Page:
Most molded rubber components are made from specialized synthetic rubber compounds, each with its own unique set of properties.
What is Rubber? The term “rubber” originally referred to natural rubber made from latex sap extracted from the rubber tree. Eventually, latex supply constraints and the demands of specific applications led to the development of rubber-like compounds made from long, chain-like molecules. These compounds, known as elastomers (elastic polymers), are engineered to provide enhanced physical properties that are superior to those of natural rubber. Produced in chemical plants, synthetic rubber is made from the byproducts of petroleum processing.
Common Types of Synthetic Rubber
- Nitrile Butadiene Rubber (NBR)
- Butyl Rubber (IIR)
- Ethylene Propylene Diene Monomer (EPDM)
- Styrene Butadiene Rubber (SBR)
- Neoprene (CR)
- Silicone (Q)
- Fluorocarbon Elastomer/Viton® (FKM)
- Hydrogenated Nitrile (HNBR)
Each of these compounds is engineered to offer specific strengths, but each one also has weaknesses. The most important characteristics of any rubber compound are its physical properties, temperature range, and chemical resistance. Our team of experts will help you choose the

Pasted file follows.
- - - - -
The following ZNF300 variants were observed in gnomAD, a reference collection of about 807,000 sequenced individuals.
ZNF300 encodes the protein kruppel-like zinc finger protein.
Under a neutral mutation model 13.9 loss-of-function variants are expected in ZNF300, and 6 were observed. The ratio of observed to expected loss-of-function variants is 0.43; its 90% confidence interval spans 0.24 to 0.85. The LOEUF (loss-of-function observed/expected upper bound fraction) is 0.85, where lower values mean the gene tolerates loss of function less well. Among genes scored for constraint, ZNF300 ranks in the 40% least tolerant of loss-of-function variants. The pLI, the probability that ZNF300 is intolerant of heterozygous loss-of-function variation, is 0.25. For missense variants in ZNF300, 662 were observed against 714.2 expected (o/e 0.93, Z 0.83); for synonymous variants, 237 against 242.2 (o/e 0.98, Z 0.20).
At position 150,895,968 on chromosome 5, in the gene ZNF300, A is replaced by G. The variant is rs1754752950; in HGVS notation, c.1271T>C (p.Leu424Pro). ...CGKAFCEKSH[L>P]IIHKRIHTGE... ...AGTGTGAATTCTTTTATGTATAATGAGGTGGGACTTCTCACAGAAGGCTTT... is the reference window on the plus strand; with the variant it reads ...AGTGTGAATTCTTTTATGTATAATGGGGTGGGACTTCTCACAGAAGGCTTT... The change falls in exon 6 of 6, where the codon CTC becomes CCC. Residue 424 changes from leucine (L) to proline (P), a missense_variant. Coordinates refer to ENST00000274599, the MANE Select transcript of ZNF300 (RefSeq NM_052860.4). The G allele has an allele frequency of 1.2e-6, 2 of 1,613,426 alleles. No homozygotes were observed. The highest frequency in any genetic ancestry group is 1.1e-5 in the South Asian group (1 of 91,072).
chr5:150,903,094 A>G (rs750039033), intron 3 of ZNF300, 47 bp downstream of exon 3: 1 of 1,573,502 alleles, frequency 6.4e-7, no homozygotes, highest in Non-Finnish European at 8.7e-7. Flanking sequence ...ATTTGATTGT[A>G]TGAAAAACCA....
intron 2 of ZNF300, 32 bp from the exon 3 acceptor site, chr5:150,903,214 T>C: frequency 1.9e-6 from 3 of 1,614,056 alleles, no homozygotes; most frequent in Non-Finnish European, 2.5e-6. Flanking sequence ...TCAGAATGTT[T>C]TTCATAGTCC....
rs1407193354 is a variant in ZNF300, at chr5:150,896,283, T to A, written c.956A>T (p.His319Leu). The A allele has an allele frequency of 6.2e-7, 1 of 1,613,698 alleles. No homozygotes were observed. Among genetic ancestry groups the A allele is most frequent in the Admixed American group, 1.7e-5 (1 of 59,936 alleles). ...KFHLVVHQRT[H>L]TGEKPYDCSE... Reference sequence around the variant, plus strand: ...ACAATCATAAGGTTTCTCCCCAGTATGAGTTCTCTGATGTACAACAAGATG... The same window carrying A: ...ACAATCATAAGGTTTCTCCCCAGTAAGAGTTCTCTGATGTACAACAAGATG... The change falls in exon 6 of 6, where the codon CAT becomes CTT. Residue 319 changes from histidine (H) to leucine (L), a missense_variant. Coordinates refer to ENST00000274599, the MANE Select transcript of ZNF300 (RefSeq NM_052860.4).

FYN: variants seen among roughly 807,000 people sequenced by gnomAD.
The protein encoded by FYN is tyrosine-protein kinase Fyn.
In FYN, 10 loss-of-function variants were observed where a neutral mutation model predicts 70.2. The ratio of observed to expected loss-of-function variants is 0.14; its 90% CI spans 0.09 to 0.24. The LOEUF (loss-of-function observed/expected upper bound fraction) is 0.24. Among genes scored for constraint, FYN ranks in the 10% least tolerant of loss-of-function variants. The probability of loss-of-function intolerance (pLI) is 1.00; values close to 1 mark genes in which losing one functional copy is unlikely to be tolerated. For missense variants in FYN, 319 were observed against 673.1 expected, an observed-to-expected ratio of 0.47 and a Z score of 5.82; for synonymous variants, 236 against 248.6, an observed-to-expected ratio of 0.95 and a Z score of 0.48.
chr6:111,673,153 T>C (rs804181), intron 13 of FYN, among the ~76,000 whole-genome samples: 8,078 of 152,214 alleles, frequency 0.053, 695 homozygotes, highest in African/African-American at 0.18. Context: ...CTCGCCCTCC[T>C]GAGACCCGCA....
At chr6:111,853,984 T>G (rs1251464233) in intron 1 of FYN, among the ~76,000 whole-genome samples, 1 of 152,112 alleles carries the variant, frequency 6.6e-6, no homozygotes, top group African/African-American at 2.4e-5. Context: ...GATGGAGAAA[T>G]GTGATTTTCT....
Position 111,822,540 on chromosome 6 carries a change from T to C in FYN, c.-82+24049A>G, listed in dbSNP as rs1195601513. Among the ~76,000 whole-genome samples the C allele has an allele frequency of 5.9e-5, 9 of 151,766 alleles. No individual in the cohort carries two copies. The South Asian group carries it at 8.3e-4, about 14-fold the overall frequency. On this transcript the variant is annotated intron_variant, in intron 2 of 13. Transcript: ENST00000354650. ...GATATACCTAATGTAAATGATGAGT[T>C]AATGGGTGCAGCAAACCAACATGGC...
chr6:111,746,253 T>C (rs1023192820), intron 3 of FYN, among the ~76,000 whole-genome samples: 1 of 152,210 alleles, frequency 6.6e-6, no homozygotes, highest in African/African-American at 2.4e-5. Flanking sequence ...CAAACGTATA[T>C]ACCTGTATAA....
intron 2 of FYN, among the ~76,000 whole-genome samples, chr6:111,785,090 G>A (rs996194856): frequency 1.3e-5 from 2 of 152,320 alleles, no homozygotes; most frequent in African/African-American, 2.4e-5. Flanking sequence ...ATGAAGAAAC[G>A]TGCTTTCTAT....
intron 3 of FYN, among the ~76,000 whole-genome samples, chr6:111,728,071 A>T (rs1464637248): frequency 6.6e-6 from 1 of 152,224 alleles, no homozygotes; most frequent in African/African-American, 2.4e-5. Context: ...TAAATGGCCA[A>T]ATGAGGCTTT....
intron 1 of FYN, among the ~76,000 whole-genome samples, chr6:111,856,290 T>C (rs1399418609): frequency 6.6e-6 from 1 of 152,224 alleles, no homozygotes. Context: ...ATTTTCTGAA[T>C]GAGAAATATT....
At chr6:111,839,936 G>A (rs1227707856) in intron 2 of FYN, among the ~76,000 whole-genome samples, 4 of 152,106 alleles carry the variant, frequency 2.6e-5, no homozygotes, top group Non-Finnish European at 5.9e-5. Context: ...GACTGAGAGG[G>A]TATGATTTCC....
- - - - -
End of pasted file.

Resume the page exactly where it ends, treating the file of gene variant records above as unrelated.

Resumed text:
right compound for your application.
Physical Properties of Rubber A compound’s physical properties dictate how it will respond to the physical demands of its intended application.
Physical Properties Include
- Tensile Strength
- Tensile Modulus
- Compression Set
- Tear Resistance
- Abrasion Resistance
Temperature and Chemical Resistance In addition to withstanding physical demands, a compound must also be able to function in an application’s operating temperature and chemical environment. Each compound has its own range of operating temperatures and resistance to specific chemicals.